We reasoned that any genetic variation that reduces chromosome 21 gene expression in the general population could be present in our T21 sample, leading to reduced expression levels in the individual. To test this hypothesis, we compared genome variations identified in each individual to previously identified eQTLs [21, 26]. We limited our search to eQTLs identified in either lymphoblastoid cell lines or their nearest related tissue (whole blood). For this analysis, we required the variant to be identifiable in at least one of the parent samples as well as the child with trisomy 21. In RNA-seq, we found that the reduced expression of three of the five apparently dosage-compensated genes (CLIC6, ITSN1, C2CD2) could potentially be explained by known expression controlling polymorphisms (Fig. 3D, Additional File 3: Supplemental Table 2). For example, the rs1075704 eQTL exists in the human population as a GG, GT, or TT (Fig. 3E), and the T allele correlates with lower expression of CLIC6 in lymphoblastoid cells. This SNP, rs1075704, shows variable CLIC6 gene expression across the disomic samples in both our RNA-seq and GRO-seq (Fig. 3F). In our trisomic sample, CLIC6 has an expression level less than 1.5× the average of all disomics, with the genotype TTT. So the lower-than-expected expression observed at CLIC6 can be explained by the genotype, which is not considered by the typical differential expression pipeline. Consistent with the allele identity, these three genes also have lower-than-expected transcription in GRO-seq.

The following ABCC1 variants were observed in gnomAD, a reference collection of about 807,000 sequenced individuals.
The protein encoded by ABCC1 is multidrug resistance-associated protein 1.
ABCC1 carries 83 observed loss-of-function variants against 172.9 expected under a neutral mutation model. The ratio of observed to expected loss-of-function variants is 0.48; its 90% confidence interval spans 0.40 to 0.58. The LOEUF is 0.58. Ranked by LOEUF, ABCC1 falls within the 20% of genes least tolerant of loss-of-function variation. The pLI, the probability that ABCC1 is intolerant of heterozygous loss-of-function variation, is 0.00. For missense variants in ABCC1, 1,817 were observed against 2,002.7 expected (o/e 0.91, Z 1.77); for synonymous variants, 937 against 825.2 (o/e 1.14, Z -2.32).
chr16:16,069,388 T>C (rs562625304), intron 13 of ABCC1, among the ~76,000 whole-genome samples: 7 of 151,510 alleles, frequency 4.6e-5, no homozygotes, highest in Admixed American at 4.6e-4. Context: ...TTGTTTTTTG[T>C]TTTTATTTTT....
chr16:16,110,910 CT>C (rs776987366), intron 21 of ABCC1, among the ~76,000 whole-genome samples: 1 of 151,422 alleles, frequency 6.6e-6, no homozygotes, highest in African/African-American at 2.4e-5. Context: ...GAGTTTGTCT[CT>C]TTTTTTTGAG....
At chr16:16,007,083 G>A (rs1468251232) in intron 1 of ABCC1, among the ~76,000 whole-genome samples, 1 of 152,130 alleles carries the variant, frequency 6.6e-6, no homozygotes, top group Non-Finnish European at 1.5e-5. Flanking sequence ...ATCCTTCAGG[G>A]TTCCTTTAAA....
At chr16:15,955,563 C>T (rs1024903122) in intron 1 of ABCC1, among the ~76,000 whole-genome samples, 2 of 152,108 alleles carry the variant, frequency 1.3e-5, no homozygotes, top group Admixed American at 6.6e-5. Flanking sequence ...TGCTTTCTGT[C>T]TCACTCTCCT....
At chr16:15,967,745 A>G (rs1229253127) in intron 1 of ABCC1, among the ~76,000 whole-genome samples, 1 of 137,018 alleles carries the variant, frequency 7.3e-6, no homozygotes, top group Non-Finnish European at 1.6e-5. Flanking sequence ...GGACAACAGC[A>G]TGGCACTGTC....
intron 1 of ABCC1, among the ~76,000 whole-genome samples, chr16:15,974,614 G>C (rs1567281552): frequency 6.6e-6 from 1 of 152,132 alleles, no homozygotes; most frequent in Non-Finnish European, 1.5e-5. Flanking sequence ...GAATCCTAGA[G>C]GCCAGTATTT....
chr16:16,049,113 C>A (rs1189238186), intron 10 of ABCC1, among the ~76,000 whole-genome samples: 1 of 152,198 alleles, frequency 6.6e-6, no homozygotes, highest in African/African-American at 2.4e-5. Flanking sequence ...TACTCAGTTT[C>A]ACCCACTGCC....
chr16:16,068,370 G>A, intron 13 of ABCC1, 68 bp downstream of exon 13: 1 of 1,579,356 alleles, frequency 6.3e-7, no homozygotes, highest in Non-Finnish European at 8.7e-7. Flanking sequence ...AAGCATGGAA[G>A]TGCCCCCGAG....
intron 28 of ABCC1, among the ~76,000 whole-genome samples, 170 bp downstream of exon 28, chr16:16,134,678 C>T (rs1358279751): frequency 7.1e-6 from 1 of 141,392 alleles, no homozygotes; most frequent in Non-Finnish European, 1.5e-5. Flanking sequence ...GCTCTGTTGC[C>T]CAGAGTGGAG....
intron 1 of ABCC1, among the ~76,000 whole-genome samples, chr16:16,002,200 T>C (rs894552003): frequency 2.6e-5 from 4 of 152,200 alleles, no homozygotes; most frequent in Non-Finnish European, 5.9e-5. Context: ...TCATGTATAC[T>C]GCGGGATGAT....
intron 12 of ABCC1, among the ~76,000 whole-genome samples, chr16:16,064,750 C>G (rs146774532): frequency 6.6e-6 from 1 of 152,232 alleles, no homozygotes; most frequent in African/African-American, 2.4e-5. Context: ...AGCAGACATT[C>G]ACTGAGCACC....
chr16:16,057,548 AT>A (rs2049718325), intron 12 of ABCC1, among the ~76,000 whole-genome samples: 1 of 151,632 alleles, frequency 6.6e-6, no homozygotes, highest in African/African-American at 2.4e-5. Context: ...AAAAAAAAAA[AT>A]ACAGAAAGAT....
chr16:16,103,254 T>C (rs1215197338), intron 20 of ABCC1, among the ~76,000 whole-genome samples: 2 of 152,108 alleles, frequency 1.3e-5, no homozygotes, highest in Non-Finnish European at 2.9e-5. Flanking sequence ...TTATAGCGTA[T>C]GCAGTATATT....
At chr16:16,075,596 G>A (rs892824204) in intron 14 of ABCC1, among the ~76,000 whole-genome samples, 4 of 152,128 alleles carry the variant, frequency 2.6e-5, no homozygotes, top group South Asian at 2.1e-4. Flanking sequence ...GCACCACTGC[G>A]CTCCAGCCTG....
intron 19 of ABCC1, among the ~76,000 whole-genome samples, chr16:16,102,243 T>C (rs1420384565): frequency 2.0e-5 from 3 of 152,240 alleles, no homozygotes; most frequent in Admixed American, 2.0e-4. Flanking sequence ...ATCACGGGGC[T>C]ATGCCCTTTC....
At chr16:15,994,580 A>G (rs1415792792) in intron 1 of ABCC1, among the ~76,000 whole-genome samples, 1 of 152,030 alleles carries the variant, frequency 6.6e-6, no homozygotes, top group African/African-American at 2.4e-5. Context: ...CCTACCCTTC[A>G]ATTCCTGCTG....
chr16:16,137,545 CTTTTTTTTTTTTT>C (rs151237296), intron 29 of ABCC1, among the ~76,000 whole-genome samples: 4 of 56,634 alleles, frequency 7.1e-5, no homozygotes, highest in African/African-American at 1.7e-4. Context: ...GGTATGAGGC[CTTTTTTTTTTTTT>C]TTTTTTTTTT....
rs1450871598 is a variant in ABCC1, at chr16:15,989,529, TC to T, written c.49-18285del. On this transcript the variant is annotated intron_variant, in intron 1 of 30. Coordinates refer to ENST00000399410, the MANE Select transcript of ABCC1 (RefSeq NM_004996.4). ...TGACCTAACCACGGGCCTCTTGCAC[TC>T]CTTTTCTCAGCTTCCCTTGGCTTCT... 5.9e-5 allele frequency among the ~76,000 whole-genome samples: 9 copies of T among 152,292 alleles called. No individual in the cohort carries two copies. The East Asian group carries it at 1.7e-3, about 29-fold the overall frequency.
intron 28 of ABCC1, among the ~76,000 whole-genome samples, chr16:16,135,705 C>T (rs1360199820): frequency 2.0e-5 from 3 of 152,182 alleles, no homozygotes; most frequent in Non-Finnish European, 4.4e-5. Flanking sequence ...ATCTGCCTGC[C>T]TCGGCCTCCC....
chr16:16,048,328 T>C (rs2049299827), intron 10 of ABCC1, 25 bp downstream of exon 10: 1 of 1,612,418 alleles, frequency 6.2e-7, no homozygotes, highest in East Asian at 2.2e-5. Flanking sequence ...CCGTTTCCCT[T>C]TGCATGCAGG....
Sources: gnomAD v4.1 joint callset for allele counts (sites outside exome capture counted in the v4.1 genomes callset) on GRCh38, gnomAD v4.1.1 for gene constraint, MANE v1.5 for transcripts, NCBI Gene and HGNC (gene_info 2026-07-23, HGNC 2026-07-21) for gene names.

We also reasoned that the eQTL data in GTEx may be incomplete, that there may exist other alleles that lead to reductions in expression data. To explore this possibility, we next compared the two parents to each other, reasoning that differences observed between the parents could be subsequently inherited by either of the two children. Using this technique, we found that 9 of the remaining 17 genes in GRO-seq were also differentially transcribed between the parental samples, suggesting the lower than expected levels in the trisomy sample may be modulated by an inherited parental haplotype (Additional File 1: Fig. S22). Altogether, we found reasonable explanations for most genes (60%) which fell below expected levels in T21 (Fig. 3). These results were consistent in both RNA- and GRO-seq (Additional File 1: Fig. S22).

Description of Image

Source link